It is important to note the parallel structure found in lines one and three of Isaiah 34:4. The first line says that the “host of heaven shall rot away.” The New American Standard Bible says that the “host of heaven will wear away,” while the King James Version states that the “host of heaven shall be dissolved.” All are good translations of the Hebrew verb used there. This verb rarely means “to fall.” If the meaning of the third line is that the host of heaven will fall, then this parallelism is destroyed.
Lines four and five are similes with a dependent clause and prepositional phrase comparing the falling stars to withering leaves on a vine (presumably a grape vine) and the withering of something on a fig tree. Why do I say “something” here? While the object of the dependent clause in line four (leaves) is indicated in the Hebrew text, the object of the prepositional phrase in line five is not indicated in the Hebrew text. Since the object of the preposition is absent in the Hebrew, it is probably meant to be implied from the text. But the object is important in English, so the translators provide a likely object. The translators of the English Standard Version quoted above provided leaves as the object of the preposition in line five. The King James version provides the word fig, but it is in italics to indicate that the word is absent in the Hebrew. Likewise, the New American Standard Bible inserts the impersonal pronoun one in italics as the object. Since leaves clearly are not figs, all these translations cannot be right. One reads awkwardly in English. Perhaps the Geneva Bible offered the cleverest and most accurate solution to this difficulty, for it inserted the impersonal pronoun it. It indicates an implied yet unidentified object, as it is by the word’s absence in the Hebrew. By the way, the Vulgate solved this problem by combining the fourth and fifth lines into a single line, “like the fading leaf of the vineyard and of the fig tree,” thus implying the use of “leaf” in both lines. Does it matter whether the object of the fifth line is leaves or figs? So far, no, but it might matter elsewhere, as we shall soon see.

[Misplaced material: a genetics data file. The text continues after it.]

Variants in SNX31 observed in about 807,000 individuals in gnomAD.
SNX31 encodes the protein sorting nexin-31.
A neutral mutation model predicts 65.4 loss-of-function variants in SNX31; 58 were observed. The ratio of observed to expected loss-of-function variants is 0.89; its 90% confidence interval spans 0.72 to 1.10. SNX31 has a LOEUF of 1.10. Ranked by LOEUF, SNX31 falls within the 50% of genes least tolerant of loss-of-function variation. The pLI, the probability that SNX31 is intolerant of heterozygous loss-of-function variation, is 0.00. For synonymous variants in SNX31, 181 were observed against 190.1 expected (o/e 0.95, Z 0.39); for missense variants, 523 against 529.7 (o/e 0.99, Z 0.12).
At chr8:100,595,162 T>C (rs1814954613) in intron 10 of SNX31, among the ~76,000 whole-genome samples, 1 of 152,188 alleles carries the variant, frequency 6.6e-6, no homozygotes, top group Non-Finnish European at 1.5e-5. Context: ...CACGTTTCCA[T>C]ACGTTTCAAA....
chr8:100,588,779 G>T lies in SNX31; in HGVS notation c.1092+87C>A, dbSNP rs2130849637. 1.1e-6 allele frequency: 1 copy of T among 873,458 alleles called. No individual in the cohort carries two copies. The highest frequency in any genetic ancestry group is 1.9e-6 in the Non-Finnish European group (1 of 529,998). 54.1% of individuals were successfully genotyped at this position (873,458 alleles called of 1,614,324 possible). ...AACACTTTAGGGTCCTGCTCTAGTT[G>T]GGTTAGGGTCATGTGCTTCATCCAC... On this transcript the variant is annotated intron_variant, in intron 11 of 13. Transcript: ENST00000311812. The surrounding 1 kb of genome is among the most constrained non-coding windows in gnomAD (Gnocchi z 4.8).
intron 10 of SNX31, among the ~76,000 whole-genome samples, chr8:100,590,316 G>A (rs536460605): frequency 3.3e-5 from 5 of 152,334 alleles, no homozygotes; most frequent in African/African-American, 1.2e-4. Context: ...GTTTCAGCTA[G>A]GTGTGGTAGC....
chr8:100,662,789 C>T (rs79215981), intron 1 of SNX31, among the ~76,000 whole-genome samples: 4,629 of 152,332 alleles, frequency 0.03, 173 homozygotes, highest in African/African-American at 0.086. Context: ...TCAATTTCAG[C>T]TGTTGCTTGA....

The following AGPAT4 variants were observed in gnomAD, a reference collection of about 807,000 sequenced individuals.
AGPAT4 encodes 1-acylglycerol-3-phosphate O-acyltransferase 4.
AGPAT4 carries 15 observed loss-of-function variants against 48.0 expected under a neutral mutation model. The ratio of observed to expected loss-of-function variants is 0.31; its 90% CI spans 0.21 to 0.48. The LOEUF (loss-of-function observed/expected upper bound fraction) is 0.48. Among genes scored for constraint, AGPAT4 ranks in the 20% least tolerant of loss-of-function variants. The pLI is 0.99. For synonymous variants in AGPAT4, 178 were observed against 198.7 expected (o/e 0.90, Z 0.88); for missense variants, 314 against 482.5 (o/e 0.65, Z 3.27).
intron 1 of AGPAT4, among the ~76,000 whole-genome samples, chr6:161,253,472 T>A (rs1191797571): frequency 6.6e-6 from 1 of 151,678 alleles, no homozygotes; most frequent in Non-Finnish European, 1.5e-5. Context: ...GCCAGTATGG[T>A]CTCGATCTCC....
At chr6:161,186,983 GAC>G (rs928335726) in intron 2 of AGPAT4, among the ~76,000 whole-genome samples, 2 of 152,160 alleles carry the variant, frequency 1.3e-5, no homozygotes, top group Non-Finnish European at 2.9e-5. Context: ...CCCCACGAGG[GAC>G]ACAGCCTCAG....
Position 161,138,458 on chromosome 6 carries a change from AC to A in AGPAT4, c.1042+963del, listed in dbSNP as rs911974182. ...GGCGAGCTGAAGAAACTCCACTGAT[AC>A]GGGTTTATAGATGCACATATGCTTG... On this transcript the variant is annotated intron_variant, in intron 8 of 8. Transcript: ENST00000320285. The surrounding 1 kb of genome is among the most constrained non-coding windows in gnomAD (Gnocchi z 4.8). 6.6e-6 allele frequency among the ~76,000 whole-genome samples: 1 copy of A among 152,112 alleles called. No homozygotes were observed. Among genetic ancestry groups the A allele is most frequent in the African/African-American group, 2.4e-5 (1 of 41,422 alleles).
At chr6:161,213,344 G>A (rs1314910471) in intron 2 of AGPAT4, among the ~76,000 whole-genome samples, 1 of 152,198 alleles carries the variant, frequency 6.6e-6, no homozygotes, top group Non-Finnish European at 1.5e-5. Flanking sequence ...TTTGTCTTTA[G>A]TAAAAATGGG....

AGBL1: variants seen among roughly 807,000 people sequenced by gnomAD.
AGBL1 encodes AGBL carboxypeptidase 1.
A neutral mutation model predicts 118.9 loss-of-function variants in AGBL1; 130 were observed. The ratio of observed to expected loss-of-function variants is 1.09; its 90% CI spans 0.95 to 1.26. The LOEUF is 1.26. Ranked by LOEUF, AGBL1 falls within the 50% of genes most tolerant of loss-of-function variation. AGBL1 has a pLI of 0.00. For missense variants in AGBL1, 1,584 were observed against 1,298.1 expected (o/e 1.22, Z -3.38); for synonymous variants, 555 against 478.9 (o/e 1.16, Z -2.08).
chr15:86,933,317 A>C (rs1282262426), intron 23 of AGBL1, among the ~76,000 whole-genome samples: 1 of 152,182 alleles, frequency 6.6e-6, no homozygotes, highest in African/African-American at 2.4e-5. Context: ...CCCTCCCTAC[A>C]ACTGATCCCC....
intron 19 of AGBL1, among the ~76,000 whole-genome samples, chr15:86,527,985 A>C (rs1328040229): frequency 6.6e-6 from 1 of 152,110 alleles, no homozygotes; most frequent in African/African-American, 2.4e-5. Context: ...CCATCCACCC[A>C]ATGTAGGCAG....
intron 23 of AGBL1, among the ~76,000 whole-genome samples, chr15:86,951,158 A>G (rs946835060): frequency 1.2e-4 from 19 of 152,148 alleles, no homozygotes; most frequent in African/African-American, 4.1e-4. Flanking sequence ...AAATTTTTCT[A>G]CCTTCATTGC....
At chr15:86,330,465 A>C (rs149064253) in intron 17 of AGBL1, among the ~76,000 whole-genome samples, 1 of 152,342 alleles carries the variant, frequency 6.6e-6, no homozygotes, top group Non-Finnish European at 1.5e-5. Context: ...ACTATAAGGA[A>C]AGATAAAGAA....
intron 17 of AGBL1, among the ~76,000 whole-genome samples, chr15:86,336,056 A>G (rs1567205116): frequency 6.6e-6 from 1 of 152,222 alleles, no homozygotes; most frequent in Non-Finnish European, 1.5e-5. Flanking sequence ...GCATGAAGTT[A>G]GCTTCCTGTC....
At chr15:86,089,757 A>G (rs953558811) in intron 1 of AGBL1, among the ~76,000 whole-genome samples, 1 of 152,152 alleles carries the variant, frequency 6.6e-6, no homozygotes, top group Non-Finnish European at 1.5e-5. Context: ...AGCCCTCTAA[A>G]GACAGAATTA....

Given these facts and the context of comparing the leaves on a vine or on a fig tree, wither probably is a much more appropriate translation than fall in Isaiah 34:4. This collation with other Old Testament apocalyptic passages of astronomical interest strongly argue that Matthew 24:29 and Mark 13:25 refer to the stars dimming, not that the stars literally will fall to the earth.